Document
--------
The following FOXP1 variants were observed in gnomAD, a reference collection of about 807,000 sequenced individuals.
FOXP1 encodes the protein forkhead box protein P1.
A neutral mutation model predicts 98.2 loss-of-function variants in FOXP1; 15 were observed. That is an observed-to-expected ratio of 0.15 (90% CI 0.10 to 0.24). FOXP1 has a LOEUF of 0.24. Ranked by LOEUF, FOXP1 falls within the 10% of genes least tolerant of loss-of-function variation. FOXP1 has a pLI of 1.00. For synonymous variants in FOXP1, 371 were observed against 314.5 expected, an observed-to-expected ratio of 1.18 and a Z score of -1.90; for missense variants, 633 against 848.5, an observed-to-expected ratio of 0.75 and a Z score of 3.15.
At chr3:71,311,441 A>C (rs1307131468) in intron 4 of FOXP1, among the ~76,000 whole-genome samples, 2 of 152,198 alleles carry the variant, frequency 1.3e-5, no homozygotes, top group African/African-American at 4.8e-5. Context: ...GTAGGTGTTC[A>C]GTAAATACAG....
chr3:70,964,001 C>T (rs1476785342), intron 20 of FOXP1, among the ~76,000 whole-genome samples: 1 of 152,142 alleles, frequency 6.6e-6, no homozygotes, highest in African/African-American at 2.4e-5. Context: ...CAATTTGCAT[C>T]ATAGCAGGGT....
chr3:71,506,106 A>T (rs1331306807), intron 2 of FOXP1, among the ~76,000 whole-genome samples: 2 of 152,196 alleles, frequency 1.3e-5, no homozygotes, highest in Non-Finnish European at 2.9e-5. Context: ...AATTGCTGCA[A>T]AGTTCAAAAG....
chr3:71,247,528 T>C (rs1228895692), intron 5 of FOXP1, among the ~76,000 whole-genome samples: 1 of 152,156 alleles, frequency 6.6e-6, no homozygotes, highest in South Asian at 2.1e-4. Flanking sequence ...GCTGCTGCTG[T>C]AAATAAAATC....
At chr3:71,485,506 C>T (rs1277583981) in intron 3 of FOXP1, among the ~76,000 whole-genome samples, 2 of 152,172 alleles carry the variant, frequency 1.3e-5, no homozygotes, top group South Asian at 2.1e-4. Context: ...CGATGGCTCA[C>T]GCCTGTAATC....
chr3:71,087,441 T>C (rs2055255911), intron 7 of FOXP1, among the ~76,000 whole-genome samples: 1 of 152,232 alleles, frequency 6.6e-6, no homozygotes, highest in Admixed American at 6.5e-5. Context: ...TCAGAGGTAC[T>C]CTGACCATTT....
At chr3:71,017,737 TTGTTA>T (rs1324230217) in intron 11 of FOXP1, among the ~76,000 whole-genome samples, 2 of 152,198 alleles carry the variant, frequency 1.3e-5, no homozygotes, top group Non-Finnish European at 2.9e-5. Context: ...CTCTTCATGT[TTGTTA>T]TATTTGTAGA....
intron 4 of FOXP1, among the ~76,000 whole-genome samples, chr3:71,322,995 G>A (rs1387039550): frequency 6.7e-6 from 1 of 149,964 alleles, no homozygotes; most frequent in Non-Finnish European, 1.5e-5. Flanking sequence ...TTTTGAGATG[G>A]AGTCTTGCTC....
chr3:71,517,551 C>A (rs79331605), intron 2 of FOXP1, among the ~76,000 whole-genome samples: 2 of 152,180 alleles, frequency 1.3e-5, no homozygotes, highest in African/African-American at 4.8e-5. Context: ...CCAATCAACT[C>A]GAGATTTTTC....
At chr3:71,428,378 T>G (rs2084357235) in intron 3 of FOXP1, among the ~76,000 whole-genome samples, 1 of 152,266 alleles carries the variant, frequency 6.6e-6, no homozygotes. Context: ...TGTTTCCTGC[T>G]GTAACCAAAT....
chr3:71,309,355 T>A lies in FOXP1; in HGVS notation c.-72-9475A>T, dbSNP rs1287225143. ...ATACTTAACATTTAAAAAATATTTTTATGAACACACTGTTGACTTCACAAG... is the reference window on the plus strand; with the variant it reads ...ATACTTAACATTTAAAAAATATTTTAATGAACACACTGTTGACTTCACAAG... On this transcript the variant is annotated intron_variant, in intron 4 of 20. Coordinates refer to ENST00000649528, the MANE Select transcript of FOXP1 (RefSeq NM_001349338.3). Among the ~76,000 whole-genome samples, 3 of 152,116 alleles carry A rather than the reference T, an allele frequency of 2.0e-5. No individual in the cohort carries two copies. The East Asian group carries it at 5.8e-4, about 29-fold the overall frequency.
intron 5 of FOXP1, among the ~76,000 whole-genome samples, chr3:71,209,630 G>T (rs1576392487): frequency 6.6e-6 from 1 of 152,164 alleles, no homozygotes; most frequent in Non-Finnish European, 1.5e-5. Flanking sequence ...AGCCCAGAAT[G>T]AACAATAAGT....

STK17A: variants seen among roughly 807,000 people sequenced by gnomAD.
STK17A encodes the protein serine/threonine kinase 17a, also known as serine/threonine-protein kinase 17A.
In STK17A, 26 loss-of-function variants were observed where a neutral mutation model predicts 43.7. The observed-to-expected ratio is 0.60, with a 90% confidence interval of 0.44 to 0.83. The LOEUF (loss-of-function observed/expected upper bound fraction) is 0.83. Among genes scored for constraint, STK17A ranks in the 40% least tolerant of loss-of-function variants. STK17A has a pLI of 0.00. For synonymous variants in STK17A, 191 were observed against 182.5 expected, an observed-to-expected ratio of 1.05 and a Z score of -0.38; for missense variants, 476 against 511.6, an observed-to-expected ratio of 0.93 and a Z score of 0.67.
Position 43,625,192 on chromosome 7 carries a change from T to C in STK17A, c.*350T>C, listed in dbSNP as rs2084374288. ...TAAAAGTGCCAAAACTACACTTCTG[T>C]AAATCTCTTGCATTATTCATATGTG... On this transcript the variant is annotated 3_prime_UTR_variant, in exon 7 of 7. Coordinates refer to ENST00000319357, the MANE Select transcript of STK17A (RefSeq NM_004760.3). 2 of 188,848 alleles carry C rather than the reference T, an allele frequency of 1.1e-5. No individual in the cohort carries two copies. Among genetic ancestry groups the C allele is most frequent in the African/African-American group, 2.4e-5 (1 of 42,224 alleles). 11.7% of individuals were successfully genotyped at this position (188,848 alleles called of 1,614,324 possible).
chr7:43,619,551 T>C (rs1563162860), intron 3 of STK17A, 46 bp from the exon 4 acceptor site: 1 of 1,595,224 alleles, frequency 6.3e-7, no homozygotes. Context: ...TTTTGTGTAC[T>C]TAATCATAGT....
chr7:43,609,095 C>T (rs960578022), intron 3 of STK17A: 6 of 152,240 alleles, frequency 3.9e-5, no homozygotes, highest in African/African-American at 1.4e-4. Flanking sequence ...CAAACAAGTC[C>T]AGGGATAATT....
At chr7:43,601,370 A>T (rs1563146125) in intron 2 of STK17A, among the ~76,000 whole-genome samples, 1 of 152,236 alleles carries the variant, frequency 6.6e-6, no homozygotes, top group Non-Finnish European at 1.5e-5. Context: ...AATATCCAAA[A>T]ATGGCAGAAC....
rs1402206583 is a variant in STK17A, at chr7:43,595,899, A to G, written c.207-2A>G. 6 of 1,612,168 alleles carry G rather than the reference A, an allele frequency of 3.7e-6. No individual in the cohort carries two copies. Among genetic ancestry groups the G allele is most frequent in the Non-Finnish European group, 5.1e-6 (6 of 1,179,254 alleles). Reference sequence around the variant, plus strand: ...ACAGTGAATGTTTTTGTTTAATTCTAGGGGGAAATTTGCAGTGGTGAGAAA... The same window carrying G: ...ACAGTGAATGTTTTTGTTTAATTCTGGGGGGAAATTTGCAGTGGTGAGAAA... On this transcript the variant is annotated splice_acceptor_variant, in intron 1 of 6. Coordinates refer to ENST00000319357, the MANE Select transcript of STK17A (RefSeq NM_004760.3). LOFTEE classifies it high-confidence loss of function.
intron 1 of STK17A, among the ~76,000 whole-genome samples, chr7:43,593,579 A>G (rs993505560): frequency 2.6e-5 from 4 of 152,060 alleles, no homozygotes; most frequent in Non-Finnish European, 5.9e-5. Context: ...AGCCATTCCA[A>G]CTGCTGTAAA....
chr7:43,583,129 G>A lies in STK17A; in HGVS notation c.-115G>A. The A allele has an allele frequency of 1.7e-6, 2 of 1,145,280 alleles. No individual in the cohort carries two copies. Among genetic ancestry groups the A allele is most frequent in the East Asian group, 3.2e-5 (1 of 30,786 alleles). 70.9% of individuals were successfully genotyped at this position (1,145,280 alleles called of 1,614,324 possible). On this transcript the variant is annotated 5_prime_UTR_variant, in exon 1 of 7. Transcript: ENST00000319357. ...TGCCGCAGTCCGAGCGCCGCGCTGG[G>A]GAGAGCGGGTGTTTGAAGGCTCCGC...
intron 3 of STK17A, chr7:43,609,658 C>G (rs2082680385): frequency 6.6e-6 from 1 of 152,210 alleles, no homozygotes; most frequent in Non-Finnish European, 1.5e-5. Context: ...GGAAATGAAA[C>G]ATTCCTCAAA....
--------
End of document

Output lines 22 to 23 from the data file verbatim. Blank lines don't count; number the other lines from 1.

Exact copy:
At chr7:43,601,370 A>T (rs1563146125) in intron 2 of STK17A, among the ~76,000 whole-genome samples, 1 of 152,236 alleles carries the variant, frequency 6.6e-6, no homozygotes, top group Non-Finnish European at 1.5e-5. Context: ...AATATCCAAA[A>T]ATGGCAGAAC....
rs1402206583 is a variant in STK17A, at chr7:43,595,899, A to G, written c.207-2A>G. 6 of 1,612,168 alleles carry G rather than the reference A, an allele frequency of 3.7e-6. No individual in the cohort carries two copies. Among genetic ancestry groups the G allele is most frequent in the Non-Finnish European group, 5.1e-6 (6 of 1,179,254 alleles). Reference sequence around the variant, plus strand: ...ACAGTGAATGTTTTTGTTTAATTCTAGGGGGAAATTTGCAGTGGTGAGAAA... The same window carrying G: ...ACAGTGAATGTTTTTGTTTAATTCTGGGGGGAAATTTGCAGTGGTGAGAAA... On this transcript the variant is annotated splice_acceptor_variant, in intron 1 of 6. Coordinates refer to ENST00000319357, the MANE Select transcript of STK17A (RefSeq NM_004760.3). LOFTEE classifies it high-confidence loss of function.